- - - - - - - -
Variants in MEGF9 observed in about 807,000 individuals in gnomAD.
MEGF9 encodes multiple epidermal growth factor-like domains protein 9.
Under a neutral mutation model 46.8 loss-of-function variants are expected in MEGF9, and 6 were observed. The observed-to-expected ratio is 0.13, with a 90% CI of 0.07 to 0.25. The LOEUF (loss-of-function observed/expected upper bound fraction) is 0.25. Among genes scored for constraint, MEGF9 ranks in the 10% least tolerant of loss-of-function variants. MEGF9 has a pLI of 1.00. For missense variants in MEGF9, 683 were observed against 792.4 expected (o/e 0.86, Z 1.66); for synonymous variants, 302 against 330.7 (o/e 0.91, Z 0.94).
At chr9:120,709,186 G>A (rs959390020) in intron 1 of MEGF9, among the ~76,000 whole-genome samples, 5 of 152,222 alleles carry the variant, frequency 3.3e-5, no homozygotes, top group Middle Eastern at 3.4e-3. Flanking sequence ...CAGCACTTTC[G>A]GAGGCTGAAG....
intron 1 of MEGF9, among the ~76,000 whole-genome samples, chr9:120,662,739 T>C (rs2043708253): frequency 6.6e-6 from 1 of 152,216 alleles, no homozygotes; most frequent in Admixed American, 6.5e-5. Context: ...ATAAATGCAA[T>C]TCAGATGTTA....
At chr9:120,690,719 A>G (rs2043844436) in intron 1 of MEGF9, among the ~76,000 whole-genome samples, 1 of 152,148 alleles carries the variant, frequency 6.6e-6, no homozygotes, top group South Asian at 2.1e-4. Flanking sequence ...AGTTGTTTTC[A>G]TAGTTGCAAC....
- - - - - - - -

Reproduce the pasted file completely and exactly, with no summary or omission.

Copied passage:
Variants in MEGF9 observed in about 807,000 individuals in gnomAD.
MEGF9 encodes multiple epidermal growth factor-like domains protein 9.
Under a neutral mutation model 46.8 loss-of-function variants are expected in MEGF9, and 6 were observed. The observed-to-expected ratio is 0.13, with a 90% CI of 0.07 to 0.25. The LOEUF (loss-of-function observed/expected upper bound fraction) is 0.25. Among genes scored for constraint, MEGF9 ranks in the 10% least tolerant of loss-of-function variants. MEGF9 has a pLI of 1.00. For missense variants in MEGF9, 683 were observed against 792.4 expected (o/e 0.86, Z 1.66); for synonymous variants, 302 against 330.7 (o/e 0.91, Z 0.94).
At chr9:120,709,186 G>A (rs959390020) in intron 1 of MEGF9, among the ~76,000 whole-genome samples, 5 of 152,222 alleles carry the variant, frequency 3.3e-5, no homozygotes, top group Middle Eastern at 3.4e-3. Flanking sequence ...CAGCACTTTC[G>A]GAGGCTGAAG....
intron 1 of MEGF9, among the ~76,000 whole-genome samples, chr9:120,662,739 T>C (rs2043708253): frequency 6.6e-6 from 1 of 152,216 alleles, no homozygotes; most frequent in Admixed American, 6.5e-5. Context: ...ATAAATGCAA[T>C]TCAGATGTTA....
At chr9:120,690,719 A>G (rs2043844436) in intron 1 of MEGF9, among the ~76,000 whole-genome samples, 1 of 152,148 alleles carries the variant, frequency 6.6e-6, no homozygotes, top group South Asian at 2.1e-4. Flanking sequence ...AGTTGTTTTC[A>G]TAGTTGCAAC....